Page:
The City works collaboratively with local, state, and federal legislators to achieve the legislative priorities of the City Council. This includes advocating for, securing, and managing policies, programs, and grants that help the greater community.
The City annually develops legislative priorities, coordinates strategic advocacy plans, builds relationships at all levels of government, and reviews impacts of potential legislation on the City.
Accessibility Improvements at the New Greg Cuoio Park
Emergency Operations Center
The City’s 2023 State Priorities include:
Commercial Airport Siting
Long-term Funding Solutions to Support Rights of Way Initiative Housing Acquisitions
Continue to focus on the I-5 Corridor between Mounts Road & Tumwater
Address Law Enforcement Vehicle Pursuits
Recent State Successes
During the 2022 Washington State Legislative session, several significant City championed achievements were accomplished, including:
Securing $75 million in the Move Ahead Washington package for the Nisqually River Delta preliminary design, engineering, and ROW acquisition.
Securing $103K for Public Electric Vehicle Infrastructure throughout Lacey parks and public facilities for public use.
Securing $515K for purchasing an Oxford Housing Program Pilot with non-profit partner in the Lacey community.
Helped address public safety concerns by returning less lethal options, providing clear definitions of imperative public safety terms, such as “physical force,” and clarifying and amending circumstances in which the use of force is authorized, including lawful temporary investigative detentions.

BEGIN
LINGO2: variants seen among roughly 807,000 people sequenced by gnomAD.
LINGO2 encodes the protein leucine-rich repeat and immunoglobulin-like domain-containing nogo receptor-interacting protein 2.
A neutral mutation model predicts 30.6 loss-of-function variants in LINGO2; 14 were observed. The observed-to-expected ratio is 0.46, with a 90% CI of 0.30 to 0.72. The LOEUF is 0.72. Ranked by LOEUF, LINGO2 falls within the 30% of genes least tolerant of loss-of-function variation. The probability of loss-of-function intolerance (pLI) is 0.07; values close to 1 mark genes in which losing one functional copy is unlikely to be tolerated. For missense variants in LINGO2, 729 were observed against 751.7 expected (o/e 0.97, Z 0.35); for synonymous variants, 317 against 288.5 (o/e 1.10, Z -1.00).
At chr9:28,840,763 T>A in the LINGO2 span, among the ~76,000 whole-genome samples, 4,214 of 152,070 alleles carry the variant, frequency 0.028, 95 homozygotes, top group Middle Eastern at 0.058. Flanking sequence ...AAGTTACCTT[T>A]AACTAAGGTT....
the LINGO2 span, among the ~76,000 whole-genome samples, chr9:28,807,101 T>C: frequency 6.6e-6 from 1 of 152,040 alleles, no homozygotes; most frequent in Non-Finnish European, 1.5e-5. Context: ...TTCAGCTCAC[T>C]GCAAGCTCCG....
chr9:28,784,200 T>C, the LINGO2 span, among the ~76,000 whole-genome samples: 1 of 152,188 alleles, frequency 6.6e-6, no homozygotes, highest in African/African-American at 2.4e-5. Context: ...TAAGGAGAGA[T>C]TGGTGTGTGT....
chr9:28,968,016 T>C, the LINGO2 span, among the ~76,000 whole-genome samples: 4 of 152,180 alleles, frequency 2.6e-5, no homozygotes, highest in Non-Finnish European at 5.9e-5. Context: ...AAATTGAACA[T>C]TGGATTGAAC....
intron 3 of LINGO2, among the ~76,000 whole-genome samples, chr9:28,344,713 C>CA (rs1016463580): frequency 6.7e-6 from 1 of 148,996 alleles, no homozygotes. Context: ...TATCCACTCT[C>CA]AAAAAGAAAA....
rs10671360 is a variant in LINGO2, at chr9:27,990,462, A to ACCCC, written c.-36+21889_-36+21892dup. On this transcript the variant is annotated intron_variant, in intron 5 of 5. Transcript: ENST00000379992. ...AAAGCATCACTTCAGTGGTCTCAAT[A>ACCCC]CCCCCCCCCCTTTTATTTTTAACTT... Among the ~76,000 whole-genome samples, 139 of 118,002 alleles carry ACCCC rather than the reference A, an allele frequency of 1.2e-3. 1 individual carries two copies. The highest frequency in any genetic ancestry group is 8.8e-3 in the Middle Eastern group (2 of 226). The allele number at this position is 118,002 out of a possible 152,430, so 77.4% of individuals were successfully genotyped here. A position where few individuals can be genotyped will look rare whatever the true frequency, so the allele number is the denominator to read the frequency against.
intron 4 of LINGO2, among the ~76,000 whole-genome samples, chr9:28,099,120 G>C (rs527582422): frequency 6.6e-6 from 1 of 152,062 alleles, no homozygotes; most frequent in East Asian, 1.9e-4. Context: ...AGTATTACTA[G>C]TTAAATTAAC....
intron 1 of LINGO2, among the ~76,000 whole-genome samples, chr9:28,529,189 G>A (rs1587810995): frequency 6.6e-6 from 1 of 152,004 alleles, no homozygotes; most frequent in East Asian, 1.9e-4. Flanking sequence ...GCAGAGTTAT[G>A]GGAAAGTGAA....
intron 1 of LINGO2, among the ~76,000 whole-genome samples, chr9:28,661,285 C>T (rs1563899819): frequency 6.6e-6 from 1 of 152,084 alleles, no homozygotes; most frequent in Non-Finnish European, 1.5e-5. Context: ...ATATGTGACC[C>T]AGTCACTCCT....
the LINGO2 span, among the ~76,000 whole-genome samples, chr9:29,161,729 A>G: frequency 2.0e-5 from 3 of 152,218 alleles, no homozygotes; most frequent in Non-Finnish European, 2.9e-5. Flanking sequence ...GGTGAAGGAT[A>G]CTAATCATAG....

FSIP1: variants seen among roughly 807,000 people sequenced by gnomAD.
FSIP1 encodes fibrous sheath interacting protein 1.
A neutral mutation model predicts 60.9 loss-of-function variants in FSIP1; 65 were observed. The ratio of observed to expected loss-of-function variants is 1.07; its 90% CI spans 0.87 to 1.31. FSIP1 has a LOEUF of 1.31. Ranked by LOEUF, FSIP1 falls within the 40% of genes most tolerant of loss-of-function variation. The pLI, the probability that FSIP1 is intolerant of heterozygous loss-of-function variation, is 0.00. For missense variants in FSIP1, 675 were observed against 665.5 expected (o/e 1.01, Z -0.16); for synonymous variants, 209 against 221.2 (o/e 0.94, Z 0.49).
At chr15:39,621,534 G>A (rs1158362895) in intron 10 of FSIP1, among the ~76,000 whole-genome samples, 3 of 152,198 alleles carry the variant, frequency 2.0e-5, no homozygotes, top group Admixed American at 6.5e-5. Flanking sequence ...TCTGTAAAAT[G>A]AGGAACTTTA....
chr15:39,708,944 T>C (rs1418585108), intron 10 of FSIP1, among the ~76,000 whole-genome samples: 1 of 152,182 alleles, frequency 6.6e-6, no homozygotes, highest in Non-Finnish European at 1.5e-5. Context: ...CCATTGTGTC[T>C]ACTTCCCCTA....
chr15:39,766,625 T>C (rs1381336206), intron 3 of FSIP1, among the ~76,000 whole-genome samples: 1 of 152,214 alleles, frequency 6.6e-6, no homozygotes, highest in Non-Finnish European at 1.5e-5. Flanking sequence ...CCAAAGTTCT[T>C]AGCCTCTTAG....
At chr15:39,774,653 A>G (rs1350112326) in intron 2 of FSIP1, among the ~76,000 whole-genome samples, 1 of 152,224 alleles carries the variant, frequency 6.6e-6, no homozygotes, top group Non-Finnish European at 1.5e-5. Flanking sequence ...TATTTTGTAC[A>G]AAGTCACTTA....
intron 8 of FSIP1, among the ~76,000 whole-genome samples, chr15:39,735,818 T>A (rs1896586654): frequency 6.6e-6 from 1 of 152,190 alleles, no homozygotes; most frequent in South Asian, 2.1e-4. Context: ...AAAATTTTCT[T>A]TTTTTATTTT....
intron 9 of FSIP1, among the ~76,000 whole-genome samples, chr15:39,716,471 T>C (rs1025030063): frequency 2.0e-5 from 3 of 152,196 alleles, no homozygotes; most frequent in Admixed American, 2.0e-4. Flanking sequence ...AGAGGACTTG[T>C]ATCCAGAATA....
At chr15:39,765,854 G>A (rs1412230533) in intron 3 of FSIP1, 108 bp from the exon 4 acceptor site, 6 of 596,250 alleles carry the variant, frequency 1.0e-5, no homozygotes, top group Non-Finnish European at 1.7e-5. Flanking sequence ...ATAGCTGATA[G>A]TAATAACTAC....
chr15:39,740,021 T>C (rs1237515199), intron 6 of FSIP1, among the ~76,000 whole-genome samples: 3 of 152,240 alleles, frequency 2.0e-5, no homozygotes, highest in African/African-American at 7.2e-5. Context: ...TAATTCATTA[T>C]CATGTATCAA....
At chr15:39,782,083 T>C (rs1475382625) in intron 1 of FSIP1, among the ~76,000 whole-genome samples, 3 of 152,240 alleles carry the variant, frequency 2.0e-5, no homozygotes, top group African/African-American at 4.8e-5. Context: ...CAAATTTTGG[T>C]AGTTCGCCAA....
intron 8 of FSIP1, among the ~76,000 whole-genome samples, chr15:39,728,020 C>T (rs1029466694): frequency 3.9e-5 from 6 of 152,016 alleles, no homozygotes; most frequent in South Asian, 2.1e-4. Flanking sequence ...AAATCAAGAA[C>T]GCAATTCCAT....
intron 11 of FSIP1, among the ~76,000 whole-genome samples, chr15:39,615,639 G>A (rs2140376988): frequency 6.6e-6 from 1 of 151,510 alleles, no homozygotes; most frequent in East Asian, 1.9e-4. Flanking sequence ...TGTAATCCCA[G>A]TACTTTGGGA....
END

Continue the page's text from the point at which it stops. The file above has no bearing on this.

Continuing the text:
Providing continued state leadership on the homeless crisis by approving additional strategies and tools to address the growing unsheltered population, including securing $5 million in the supplemental transportation budget to help address public health and safety risks associated with homeless encampments on state owned rights-of-way of which $2 million is to be used for addressing litter and debris along freeways that serve as the gateways to our communities; providing $45 million in the operating budget for rental assistance, and eviction prevention; and providing $383 million in the capital budget for rapid and supportive housing efforts across the state.
To view the full 2023 State Legislative Priorities brochure, click here.
The City and its Urban Growth Area exist on the traditional territories of the Coast Salish people, specifically the Nisqually people of Medicine Creek treaty (Nisqually Indian Tribe). Lacey and the South Puget Sound region are encompassed by the Treaty of Medicine Creek, which was signed under duress by Tribal representatives in 1854. The City works with the Nisqually and Squaxin Island tribes in government-to-government partnerships.
On March 4, 2014, the Lacey City Council and the Nisqually Tribal Council participated in a ceremonial event to sign an historic agreement, the Nisqually Indian Tribe and City of Lacey Accord.
The Accord acknowledges the partnership and mutual interests shared between the City and the Nisqually Tribe. The Accord provides a framework for future meetings and collaboration. As a symbol of the partnership, the Tribe presented the Lacey City Council with a carved totem pole, which is now displayed in the lobby of Lacey City Hall. A rededication ceremony occurred on July 9, 2015.
The City and Nisqually Tribe aspire to meet on an annual basis to work on issues of mutual importance.